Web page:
Recall: Judge Jackson sternly responded to two new Stone publicity issues (and, no, we are not talking about Crosshairsgate). Stone’s Instagram account recently shared an image that said “Who framed Roger Stone” on it. Stone has been barred from making any public statements about his views of his case, whether by phone, Instagram, email or text. The image caught the attention of the Special Counsel’s Office. Even more concerning for the judge, though, was the re-release of The Myth of Russian Collusion.

Stone’s attorneys tried to argue that because the book was authored before the gag order was put in place on Feb. 21, it’s not a problem. This was not a view shared by the judge. Judge Jackson slammed their motion to clarify the gag order on the grounds that there was no need for clarification.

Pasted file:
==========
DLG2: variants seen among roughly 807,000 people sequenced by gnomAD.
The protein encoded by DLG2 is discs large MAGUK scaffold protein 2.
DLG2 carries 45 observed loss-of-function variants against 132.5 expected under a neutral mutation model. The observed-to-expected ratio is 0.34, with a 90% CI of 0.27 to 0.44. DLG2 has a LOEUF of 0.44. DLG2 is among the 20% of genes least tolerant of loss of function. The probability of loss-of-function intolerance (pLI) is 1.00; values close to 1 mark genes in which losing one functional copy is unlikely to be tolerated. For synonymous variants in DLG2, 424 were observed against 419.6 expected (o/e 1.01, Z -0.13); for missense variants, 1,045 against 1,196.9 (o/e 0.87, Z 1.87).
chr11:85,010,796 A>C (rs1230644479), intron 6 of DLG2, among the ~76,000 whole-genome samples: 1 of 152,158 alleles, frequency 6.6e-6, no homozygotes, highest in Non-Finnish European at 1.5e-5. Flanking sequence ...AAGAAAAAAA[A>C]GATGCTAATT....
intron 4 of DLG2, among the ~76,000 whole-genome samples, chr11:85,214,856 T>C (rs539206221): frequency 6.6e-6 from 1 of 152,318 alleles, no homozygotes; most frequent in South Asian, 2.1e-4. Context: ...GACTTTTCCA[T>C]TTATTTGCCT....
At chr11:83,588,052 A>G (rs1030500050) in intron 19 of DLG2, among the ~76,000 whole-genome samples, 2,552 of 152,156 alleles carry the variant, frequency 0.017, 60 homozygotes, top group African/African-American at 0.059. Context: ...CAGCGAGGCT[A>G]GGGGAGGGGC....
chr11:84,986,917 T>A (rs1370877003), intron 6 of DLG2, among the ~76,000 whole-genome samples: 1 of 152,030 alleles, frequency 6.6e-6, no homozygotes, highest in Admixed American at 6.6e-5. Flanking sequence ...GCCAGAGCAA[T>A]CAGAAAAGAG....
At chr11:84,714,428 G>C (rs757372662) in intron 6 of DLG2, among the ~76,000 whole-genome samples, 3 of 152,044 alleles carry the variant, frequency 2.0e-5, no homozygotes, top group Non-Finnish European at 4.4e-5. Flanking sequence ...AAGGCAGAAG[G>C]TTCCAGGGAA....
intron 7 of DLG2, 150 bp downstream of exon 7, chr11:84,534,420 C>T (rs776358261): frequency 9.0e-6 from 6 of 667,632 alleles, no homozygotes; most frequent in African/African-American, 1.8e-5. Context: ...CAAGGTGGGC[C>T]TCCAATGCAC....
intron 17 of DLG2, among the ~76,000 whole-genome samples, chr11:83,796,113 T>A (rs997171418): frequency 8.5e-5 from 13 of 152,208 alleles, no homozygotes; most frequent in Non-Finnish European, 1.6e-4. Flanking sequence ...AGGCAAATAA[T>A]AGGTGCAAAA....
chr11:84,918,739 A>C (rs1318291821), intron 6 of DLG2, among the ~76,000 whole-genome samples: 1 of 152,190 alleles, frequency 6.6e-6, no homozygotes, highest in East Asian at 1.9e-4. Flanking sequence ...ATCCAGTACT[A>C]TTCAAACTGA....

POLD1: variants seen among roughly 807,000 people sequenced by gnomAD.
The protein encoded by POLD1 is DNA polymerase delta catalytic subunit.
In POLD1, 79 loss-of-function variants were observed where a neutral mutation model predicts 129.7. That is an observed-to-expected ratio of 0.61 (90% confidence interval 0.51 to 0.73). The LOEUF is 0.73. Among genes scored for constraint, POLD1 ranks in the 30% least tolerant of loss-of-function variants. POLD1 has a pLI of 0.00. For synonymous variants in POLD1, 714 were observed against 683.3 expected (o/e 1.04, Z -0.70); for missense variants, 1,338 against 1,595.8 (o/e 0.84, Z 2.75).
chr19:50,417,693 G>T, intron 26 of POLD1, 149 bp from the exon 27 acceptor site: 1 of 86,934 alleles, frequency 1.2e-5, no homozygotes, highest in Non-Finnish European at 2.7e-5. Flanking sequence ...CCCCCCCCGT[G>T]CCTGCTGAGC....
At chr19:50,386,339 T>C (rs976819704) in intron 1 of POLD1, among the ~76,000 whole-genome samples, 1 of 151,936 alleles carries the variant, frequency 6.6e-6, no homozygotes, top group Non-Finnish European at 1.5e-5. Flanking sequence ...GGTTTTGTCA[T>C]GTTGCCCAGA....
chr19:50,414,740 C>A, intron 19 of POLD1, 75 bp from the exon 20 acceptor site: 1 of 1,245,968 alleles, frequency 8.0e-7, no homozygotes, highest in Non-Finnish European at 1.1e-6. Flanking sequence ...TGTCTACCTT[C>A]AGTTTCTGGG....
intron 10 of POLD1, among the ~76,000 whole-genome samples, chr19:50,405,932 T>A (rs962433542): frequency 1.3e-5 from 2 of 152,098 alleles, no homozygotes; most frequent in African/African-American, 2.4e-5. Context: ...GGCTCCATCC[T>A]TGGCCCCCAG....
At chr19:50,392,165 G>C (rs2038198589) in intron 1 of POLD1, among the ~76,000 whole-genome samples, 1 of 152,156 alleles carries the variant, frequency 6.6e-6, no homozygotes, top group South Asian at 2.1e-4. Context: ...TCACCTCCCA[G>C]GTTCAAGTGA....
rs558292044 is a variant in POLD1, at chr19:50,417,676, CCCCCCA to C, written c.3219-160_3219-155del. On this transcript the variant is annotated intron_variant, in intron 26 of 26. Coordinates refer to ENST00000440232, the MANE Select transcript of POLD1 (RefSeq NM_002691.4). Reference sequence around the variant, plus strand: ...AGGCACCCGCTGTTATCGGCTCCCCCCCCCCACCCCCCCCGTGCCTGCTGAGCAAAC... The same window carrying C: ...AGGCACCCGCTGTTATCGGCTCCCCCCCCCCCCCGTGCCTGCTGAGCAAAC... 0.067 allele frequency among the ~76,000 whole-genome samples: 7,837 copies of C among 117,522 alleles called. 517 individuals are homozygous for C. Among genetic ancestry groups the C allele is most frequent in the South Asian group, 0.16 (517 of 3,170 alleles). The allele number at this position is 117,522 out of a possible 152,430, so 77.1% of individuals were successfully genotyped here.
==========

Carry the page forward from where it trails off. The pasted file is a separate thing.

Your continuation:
“Since the order, which was endorsed by the defense, does not require clarification, and the proposed clarification is not consistent with the order itself, the motion for clarification is hereby DENIED,” she said.

The judge wanted to know why there was a “misrepresentation” about a book “that is critical of the ongoing investigation by the Office of Special Counsel.”

“On March 4, without providing any explanation for the misrepresentation in the motion, defendant informed the Court that the use of the word ‘imminent’ had been a ‘misnomer’ because the book is already for sale,” she said, adding that it really doesn’t matter anyway because “there is no question that the order prohibited and continues to prohibit the defendant from making any public statements, using any medium, concerning the investigation.”

“It does not matter when the defendant may have first formulated the opinions expressed, or when he first put them into words: he may no longer share his views on these particular subjects with the world,” she said. It was this complaint about “misrepresentation” that they were responding to here.

In conclusion, we did nothing wrong

At the end of the filing, Stone’s attorneys admitted that they were clumsy, but said they were not hiding anything.